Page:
View Full Version : I'm going for it... Need some planning help.

02-01-2005, 11:55 PM
Well I have decieded that I'm going to open a small landscaping business. I'm a college student and have been considering of majoring in landscape design or landscape architecture but want to make sure this is a field I would like to go into. I have mowed and done small landscaping work in the past, I hate mowing but kind of liked the landscaping part.

Here is my question. I'm trying to work up a plan of what to offer this season. I do not want to get into huge jobs but am thinking of things such as:
Ponds - Walkways - Raised Beds - Gardens - Aeration - Mulching - Pruning/Trimming, etc.

What are some other smaller jobs which have a high profit margin?

Also, I'm not sure what equiptment to start out with. So far I have been thinking of buying a mantis tiller. Regarding the Mantis Tiller, is garden cleaning/tilling and covering with mulch a high profit area?

I'm assuming i'll need some good shovels, pruners, saws, and other tools. What should I look for and what brands are good?

Thanks much!

02-02-2005, 01:49 PM
Ponds are a pretty big job but are profitable, as far as the Mantis goes I bought one and use it more than I thought I would. In Oklahoma we have heavy clay soil so it is limited to exsisting beds, and a few other jobs and from driving through New Mexico I am sure you have pretty tough soil. I use it alot to mix new soil and ammendments and to prep for fall/spring color.

If you know a builder you may hit them up, typically not a big custom home but someone that is putting in smaller tract home they like to keep the cost low and go pretty fast.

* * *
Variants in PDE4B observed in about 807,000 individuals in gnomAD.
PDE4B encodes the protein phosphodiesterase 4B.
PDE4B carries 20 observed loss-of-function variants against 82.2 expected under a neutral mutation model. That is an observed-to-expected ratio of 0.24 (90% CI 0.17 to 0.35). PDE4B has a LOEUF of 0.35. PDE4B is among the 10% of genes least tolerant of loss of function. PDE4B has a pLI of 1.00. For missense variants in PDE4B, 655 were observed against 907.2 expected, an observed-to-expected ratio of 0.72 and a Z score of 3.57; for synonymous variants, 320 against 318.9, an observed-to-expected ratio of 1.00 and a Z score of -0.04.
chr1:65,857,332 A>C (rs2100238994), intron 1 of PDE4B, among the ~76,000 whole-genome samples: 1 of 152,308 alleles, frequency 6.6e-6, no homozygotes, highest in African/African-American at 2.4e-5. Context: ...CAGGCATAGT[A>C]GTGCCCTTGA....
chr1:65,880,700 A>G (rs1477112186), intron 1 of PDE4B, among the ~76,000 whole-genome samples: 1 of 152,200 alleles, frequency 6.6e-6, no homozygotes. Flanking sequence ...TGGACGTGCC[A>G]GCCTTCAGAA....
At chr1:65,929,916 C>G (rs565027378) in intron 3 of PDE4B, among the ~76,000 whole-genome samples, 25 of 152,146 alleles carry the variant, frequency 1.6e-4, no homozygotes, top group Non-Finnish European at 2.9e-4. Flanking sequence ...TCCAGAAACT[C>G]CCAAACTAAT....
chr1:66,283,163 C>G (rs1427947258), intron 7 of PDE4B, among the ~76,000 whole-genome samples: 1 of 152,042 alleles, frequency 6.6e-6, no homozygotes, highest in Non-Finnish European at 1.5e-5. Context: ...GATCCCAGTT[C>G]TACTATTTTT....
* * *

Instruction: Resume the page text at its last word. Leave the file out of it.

Good Luck

02-02-2005, 02:27 PM
Good deal. Yes, the soil is very tough here in New Mexico. I figured that could be a problem with the mantis. I will probably check to see the demand before getting into rototilling.

That is a good idea for checking with contractors. The town I live in is growing fast and there are new houses popping up everywhere.

02-02-2005, 02:38 PM
take a look at your local codes as far as the dollar amount you can charge the customer before you need a contractors license.

renovating older landscapes have a very high profit margin. you take out the old mature plants, and sell them to some person who has a lot of $$$ and is moving in to a new house. then charge the person you are renovating the landscape for, for new plants.

02-13-2005, 12:42 AM
Thanks for the info.
I have talked to some of the other local landscapers and they have told me what to do as far as getting the licenses and such.

Here is another question I have. This will pretty much be my 1st year doing landscaping work. What are some easy jobs to do? I don't want to get into something I can't handle.

I am mainly trying to earn enough money to put me through college, so any help will be beneficial.

Thanks again,